How does your political science work influence your poetry?

At the subconscious level, I don’t think my training in political science matters, or my political activism. That space where I work out my poetry is pretty much autonomous of my political position or ideology. In the conscious world, certainly my training in politics, my political ideology, my activism, my experiences and my memories of political involvement do influence in between the lines and in the invisible spaces between poems.At that level, I must acknowledge that I am deeply political and a very committed political. So for me, and here I beg to differ with my fellow poets, I am really committed to poetry as a political project. For me writing poetry is not a spiritual experience or a romantic experience. For me writing poetry, is, as I said earlier, with regard to my first book (My Grandfather’s Imaginary Typewriter), being in politics is for me the writing project. That defines me. The day I stop being in politics or with politics, I would stop writing poetry. So it is a deeply political project.

Why be political through poetry and not through other forms of writing?

Poetry is more esoteric than prose.In fractured times, writing poetry is far more profound if you write in esoteric language. Prose is a far more dulling experience; it is prosaic. That is why, going back to Banaras, I didn’t want to capture it in a prosaic sense.I wanted to capture its truth and simultaneously capture the truths of our fractured and fissured times. The book is about rising intolerance, xenophobia, about fears and it is a conscious decision to resist and to protest. The whole tradition of English poetry, seems to have become dull and less engaged with the politics of the current times.And it has become more about being melodious, being more musical, an attempt to rearrange words in a certain craft. It has become more craft driven and less about real, passionate engagement with the politics of the times, of the truth of the times.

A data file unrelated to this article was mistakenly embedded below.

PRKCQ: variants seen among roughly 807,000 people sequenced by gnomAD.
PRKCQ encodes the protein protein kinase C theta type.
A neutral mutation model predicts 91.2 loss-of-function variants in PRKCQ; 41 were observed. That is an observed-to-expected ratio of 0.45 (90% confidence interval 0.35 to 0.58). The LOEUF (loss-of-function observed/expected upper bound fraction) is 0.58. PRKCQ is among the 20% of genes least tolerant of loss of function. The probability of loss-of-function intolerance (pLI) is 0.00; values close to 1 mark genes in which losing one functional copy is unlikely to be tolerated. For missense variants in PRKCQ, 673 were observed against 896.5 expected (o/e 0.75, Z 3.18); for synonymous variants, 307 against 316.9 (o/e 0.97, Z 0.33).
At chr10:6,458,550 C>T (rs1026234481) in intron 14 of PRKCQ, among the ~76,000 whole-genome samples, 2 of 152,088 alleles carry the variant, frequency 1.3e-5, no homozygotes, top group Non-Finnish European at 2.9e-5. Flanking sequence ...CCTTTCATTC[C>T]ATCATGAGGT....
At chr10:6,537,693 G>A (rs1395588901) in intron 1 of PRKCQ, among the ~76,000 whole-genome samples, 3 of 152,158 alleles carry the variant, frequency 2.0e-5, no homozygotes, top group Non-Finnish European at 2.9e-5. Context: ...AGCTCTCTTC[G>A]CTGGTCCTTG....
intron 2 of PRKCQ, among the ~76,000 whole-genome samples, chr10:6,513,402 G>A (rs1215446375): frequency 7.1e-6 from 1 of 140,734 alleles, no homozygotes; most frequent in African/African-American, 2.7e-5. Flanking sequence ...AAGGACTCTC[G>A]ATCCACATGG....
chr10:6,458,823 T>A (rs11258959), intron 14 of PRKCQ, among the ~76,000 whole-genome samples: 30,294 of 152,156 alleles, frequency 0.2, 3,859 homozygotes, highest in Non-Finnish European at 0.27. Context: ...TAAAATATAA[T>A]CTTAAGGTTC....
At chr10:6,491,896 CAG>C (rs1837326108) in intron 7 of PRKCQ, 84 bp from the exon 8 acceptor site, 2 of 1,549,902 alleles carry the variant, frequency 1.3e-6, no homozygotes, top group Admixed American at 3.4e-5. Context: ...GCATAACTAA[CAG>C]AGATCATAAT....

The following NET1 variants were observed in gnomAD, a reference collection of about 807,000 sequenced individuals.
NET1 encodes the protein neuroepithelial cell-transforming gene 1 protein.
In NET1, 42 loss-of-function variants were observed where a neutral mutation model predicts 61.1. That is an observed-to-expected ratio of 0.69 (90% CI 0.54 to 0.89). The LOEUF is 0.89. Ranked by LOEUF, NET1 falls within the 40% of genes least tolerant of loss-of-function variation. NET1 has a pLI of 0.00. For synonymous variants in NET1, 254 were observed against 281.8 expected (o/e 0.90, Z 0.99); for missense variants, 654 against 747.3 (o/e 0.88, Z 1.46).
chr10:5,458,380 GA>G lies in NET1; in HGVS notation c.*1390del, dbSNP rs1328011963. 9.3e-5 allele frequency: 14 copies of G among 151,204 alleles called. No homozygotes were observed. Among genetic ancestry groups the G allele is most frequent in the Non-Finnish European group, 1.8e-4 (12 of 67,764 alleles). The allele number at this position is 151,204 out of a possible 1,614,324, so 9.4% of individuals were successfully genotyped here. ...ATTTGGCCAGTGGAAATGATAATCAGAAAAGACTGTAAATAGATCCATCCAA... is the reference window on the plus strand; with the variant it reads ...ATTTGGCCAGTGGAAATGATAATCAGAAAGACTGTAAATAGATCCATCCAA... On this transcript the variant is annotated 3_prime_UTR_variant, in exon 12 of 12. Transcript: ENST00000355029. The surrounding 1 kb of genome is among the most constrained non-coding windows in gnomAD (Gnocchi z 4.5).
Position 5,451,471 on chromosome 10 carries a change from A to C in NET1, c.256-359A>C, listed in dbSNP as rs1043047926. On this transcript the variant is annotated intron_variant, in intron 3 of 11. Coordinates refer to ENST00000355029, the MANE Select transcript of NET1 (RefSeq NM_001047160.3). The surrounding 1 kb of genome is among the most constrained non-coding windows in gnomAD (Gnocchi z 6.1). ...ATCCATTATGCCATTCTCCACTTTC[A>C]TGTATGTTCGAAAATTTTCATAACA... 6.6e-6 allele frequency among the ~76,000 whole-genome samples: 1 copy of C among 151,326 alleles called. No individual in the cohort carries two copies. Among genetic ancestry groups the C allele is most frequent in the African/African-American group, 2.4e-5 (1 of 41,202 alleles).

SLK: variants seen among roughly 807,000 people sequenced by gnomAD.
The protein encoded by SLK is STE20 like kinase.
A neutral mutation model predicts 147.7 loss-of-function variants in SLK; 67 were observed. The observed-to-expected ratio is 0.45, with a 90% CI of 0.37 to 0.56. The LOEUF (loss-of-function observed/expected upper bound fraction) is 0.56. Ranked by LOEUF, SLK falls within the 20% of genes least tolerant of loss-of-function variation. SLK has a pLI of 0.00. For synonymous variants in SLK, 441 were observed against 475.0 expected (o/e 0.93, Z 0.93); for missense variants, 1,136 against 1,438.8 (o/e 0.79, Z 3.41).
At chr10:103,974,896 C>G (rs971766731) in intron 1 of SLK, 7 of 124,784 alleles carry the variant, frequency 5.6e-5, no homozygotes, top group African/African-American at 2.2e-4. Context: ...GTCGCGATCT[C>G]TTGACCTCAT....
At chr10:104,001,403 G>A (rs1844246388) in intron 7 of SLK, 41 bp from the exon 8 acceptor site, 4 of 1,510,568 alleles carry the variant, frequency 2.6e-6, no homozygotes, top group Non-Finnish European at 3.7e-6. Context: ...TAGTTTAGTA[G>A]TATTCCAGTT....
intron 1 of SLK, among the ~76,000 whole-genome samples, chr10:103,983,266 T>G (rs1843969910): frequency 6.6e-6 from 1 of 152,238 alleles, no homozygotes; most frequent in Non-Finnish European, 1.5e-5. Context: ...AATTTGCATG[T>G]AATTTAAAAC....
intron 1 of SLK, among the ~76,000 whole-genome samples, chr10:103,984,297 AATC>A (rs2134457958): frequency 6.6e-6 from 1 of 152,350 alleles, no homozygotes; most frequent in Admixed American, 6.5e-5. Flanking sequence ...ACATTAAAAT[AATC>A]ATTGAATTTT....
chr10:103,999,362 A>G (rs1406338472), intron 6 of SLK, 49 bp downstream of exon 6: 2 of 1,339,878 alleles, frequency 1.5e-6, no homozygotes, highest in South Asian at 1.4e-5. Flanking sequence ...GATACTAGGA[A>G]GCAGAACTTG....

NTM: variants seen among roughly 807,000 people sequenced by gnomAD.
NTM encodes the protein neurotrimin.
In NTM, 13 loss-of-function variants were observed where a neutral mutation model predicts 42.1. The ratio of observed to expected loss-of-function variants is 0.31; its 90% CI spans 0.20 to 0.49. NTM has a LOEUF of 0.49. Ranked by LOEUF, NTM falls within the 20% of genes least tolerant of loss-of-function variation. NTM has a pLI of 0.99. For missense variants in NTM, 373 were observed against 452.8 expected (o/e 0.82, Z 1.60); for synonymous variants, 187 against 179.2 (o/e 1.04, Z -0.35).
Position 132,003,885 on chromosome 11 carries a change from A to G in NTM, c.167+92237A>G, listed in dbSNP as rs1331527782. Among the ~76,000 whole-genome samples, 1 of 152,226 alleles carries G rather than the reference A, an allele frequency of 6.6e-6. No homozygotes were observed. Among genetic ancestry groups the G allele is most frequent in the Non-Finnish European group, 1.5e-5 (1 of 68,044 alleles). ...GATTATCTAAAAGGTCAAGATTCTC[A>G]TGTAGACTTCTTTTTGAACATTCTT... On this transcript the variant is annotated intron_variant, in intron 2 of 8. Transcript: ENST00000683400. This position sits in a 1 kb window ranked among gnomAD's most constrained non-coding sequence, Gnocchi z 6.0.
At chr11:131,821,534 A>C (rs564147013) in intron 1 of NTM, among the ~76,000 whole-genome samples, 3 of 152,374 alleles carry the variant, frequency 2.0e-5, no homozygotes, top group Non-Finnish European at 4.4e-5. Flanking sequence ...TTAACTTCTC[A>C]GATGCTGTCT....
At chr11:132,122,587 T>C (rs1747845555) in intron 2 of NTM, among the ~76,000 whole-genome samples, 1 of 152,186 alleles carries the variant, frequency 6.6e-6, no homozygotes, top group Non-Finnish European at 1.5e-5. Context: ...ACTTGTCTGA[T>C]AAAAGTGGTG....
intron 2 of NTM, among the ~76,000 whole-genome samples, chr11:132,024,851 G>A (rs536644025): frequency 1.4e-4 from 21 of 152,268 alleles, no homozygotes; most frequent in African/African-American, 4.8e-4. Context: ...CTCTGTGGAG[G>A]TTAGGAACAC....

Aside from the politics, how do the poems reflect your experience of being an immigrant in the city?

English poetry in India is largely a Mumbaikar‘s dream. The aesthetics are of a Mumbaikar; they are trained in a particular way. Images are done in a particular way. What is happening is that English poetry does not have people originally writing in English but with vernacular flavour, with provincial worlds. These worlds have come to Mumbai more as a migrant worker sweating out, giving blood to the city, making the city richer, more prosperous, liveli er, they brought robustness to the city, but the city missed out because nobody came from these vernacular worlds writing English in original English. So as a Bihari coming to Mumbai and producing English poetry, especially in the towering and lingering shadows of Mumbai poets such as Gieve Patel and Adil Jussawala, I bring that provincial world, that vernacular flavour, to English poetry.

The Mumbai Poetry Festival will be held at the Tata Institute of Social Sciences on the 22nd and 23rd of April.Seven books of poetry will be released at the event.

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Silence Of The Graves ! #Poem


Life frightens me often
Death does not.
Dead men do not frighten me
I am ready to join any crowd
Every second night I celebrate with the dead
Playing cards and singing songs
Discussing about life that doesn’t matter
Waking up is a curse.
And life frightens me
Death does not.

Silence in life frightens me
Streets filled with walking corpses
In the prisons of their own minds
Sealed lips of the teachers
Knowledge not to be known
Feelings that are not felt
The smell of death on the living
The sound of breath of the dead
Vultures around the living
Cooking food on the funeral pyre
Life frightens me
But death does not.

And I am frightened
About the pretentious dead breathing
But death does not frighten me
Silence in the graves frighten me
The graves do not frighten me
Life does.

And when the dead bodies do not wake up
I keep telling myself
That it is safer to get drunk
On the silence of the graves.

K.P. Sasi is a film maker and political activist. He can be reached at [email protected]